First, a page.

Did You Know?

• That by the year 2020, CLD (culturally and linguistically diverse) students will comprise approximately half of the public school population in the U.S.

• That in California alone, there are 57 languages spoken among school age children.

• That children as young as three years of age are aware of racial differences.

• It is estimated that over 1000 students from foreign countries enter public schools for the first time every day in the United States.

• That despite an increasingly diverse population, the majority of teachers and those in teacher preparation programs continue to be predominately Caucasian and middle class.

• Many teachers, regardless of their ethnicity entering the field of teaching have a lack of knowledge of the experiences, needs and resources of CLD student populations, including the presence of racism and social inequality.

• The educational strategies practiced in schools are typically based upon the dominant culture’s values and beliefs (Darder, 1991) [1] and are reflected in the curriculum and materials used in many schools (Sleeter & Grant, 1999; Nieto, 2000)[2].

• While urban and suburban areas were once considered two separate entities, the sharp distinctions between them are becoming blurred due to population increases. These “boombergs” (Halper, 2001) [3] have made issues once associated with a specific locality, issues for all of us.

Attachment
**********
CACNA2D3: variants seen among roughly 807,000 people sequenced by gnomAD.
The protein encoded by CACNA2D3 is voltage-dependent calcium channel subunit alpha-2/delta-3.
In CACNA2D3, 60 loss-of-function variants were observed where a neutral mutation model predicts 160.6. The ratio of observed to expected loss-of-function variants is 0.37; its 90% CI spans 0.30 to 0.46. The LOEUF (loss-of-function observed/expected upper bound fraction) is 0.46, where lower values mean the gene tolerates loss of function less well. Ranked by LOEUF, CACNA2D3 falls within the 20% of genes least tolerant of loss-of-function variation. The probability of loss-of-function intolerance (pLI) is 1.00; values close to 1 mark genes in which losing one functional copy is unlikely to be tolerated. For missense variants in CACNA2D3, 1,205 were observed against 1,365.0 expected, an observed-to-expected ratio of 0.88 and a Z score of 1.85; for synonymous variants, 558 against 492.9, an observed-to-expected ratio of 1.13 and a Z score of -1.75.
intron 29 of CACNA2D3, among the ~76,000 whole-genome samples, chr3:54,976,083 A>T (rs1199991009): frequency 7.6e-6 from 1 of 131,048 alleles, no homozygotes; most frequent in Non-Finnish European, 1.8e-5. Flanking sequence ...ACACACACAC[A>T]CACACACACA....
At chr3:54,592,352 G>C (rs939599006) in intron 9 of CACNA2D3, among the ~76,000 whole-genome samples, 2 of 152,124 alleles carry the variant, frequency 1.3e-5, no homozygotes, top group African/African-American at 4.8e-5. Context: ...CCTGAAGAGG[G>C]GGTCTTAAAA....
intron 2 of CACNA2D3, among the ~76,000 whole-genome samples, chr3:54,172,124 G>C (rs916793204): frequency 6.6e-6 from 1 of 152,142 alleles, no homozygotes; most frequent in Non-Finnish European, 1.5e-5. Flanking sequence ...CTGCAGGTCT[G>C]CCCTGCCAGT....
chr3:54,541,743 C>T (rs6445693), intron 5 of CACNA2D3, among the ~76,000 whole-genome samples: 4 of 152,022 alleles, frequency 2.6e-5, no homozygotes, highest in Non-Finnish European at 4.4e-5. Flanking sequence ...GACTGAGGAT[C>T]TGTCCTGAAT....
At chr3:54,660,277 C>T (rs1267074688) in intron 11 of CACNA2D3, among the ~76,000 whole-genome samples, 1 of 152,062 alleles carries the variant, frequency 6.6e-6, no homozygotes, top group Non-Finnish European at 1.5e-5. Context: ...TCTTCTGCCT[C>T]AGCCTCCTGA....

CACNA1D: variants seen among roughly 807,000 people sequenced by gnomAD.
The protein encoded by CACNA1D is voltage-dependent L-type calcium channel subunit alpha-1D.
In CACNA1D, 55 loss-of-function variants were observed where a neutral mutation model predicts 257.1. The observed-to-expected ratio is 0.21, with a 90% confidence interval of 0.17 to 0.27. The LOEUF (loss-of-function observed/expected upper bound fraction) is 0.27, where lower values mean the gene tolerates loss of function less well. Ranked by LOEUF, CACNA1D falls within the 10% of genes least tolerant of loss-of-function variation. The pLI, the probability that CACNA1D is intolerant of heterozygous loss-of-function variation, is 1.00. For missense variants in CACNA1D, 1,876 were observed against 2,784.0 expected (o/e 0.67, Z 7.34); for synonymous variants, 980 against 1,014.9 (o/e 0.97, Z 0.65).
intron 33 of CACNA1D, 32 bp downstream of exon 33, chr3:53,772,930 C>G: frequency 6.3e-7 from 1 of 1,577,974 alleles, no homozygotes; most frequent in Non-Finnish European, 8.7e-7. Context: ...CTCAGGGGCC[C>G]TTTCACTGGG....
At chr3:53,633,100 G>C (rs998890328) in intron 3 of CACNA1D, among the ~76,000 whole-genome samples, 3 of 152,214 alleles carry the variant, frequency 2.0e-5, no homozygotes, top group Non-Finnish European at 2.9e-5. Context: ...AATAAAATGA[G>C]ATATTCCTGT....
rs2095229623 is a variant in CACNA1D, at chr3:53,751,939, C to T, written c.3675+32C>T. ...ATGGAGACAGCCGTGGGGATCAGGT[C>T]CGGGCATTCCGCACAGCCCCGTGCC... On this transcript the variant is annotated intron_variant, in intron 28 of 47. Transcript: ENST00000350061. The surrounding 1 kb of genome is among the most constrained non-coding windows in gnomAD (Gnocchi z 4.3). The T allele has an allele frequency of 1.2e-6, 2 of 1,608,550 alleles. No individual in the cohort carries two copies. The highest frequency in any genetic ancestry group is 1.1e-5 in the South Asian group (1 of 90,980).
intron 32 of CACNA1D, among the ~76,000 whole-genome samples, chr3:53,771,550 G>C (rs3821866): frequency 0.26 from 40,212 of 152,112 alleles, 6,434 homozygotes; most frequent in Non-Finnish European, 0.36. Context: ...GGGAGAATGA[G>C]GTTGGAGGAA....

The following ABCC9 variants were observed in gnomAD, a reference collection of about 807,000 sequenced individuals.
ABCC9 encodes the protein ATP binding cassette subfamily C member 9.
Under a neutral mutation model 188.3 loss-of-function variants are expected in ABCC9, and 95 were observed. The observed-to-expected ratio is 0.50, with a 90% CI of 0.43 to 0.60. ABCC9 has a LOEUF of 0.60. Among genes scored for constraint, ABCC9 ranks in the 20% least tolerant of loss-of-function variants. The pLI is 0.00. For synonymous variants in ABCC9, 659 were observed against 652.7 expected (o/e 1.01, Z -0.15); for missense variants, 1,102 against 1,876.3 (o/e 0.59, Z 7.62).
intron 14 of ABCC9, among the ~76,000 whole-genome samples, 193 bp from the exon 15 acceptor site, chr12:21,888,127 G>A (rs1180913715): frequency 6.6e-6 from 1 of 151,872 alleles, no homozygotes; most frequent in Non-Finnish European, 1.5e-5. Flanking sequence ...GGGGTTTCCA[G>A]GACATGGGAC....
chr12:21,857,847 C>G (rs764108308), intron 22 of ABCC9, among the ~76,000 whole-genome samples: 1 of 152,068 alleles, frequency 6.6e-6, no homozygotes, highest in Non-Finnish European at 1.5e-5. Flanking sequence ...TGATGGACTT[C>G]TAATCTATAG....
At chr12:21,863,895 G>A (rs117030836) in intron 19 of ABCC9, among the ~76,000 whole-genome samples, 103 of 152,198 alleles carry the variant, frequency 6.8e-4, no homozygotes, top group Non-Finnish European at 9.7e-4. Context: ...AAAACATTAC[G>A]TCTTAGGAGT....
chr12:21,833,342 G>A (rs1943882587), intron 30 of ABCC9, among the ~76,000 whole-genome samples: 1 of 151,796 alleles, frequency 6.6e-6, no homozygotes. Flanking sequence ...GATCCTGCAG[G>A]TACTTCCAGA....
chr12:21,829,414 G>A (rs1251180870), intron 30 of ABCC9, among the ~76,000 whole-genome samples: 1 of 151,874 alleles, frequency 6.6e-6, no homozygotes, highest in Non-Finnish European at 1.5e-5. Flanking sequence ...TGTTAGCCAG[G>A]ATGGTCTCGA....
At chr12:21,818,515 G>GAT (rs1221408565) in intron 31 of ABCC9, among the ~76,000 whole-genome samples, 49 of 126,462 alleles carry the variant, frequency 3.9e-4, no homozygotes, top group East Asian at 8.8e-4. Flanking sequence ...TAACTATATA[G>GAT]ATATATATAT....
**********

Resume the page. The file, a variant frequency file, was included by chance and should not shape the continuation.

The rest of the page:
Notes:

[1] Darder, A. (1991). Culture and power in the classroom: A critical foundation for bicultural education. New York: Bergin and Garvey.

[2a] Sleeter, C.E. & Grant, C.A. (1999). Making choices for multicultural education: Five approaches to race, class and gender. Upper Saddle River, NJ: Merrill Prentice Hall.

[2b] Nieto, S. (2000). Placing equity front and center: Some thoughts on transforming teacher education for a new century. Journal of Teacher Education51(3), 180-187.

[3] Halper, E. (2001, July 12). Chances for Urban Charm Seen Amid O.C.’s Sprawl; Land use: County has its share of city centers, but density could lead to even more ‘walkable’ downtowns, study says:[Orange County Edition]. Los Angeles Times, p. B1. Retrieved July 9, 2008, from Los Angeles Times database. (Document ID: 75368854).

 

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